Research over the past few decades has shown that viewing physical violence in the media can increase aggression in adults and children. But a new study, co-authored by an Iowa State University psychology professor, has also found that onscreen relational aggression -- including social exclusion, gossip and emotional bullying -- may prime the brain for aggression.
Douglas Gentile, an associate professor of psychology at Iowa State, was one of four authors of the study "'Frenemies, Fraitors, and Mean-em-aitors': Priming effects of viewing physical and relational aggression in the media on women," which was recently published by the journal Aggressive Behavior. The study of 250 college women showed that mean screens may also activate the neural networks that guide behavior.
"What this study shows is that relational aggression actually can cause a change in the way you think," said Gentile, who runs the Media Research Lab at Iowa State. "And that matters because of course, how you think can change your behavior."
Sarah Coyne and David Nelson, both researchers in Brigham Young University's School of Family Life; and Jennifer Ruh Linder, a professor of psychology at Linfield College (Ore.), were the study's other authors.
In the study, the researchers evaluated the cognitive patterns of the college women after they viewed one of three fictional video clips. One clip depicted physical aggression, including a gun and knife fight that ended in murder. A second clip portrayed relational aggression, where girls steal boyfriends, spread malicious gossip and kick someone out of their social circle. The third clip was simply a scary scene, one that would raise the heartbeat.
Researchers assessed physiological arousal, finding that all three films produced similar levels of excitement. They then measured reaction times when aggressive or neutral words flashed on a screen. Participants who had watched either aggressive film clip ascribed more meaning to words connected with aggression.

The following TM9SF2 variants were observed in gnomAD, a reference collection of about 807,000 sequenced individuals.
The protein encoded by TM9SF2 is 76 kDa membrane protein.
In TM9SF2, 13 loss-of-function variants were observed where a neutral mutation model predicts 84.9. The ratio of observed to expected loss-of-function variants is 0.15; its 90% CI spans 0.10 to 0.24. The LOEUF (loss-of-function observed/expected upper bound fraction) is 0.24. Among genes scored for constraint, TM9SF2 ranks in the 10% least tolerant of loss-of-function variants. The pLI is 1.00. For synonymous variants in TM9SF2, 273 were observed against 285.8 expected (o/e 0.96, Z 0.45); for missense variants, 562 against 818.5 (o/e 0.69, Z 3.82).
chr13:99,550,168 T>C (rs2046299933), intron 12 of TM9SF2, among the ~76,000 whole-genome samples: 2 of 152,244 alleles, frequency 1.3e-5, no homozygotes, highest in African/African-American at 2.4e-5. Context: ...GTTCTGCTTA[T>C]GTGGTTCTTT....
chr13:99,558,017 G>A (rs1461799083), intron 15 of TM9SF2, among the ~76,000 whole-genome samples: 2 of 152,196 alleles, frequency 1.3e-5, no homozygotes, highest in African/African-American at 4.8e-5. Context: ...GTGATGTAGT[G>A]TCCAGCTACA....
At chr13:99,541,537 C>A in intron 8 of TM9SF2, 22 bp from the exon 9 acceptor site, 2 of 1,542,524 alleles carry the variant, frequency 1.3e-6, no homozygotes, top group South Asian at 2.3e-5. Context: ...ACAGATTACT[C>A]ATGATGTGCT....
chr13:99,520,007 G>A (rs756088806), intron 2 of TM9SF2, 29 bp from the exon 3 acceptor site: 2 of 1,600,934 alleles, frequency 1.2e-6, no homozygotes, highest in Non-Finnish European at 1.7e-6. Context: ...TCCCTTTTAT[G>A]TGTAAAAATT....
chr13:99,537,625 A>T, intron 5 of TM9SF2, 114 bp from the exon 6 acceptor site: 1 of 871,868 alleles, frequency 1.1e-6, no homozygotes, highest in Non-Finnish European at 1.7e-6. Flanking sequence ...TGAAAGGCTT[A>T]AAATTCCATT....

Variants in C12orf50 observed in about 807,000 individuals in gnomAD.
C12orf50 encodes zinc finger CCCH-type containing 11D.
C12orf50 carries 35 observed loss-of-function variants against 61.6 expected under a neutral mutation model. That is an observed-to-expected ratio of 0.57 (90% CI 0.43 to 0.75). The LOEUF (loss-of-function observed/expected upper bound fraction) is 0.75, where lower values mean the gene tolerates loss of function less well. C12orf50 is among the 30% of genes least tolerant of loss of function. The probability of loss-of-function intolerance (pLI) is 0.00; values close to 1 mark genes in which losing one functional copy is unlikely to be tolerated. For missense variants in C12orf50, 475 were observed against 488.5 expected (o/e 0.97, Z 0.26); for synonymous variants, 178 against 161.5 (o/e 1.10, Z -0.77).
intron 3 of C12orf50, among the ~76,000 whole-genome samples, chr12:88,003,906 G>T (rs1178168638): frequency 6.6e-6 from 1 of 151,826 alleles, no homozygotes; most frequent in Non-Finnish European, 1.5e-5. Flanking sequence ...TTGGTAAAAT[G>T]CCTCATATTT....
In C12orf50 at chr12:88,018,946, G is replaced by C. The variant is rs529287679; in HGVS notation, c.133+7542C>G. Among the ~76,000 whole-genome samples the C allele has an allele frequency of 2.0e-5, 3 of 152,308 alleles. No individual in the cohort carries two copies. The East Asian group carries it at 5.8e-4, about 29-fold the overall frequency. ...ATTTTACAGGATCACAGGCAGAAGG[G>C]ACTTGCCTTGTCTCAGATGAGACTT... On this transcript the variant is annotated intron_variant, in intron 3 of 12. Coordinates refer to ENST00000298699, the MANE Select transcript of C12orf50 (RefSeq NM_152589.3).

"Past research has shown that viewing physical violence on TV activates aggressive scripts in the brain, but our findings suggest that watching both onscreen physical or relational aggression activates those cognitive scripts," Linder said. "Viewers don't simply choose to imitate TV characters or make a conscious decision to engage in aggressive behavior. Aggressive reactions are more automatic and less conscious than most people assume."
Gentile sees the study having significance to today's societal norms.
"This matters because relational aggression tends to be considered more socially acceptable -- it's often portrayed on television as funny and how friends treat each other," he said. "Yet, several studies are starting to show that relational aggression can cause long-term harm."
And some of the most highly publicized effects have been a result of the rising incidence of cyberbullying, which Gentile says is a classic case of relational aggression.
"We're treating cyberbullying as if it's something totally different and totally new. It's actually relational aggression and it does all the things that relational aggression does," Gentile said. "You can spread rumors, you can ignore people, I can unlike you on Facebook, I can tell your secrets, and I can lie and make up stuff. So this study relates to cyberbullying."
The researchers say more research is needed to determine whether their results are gender-specific, and whether this script activation indeed changes behavior.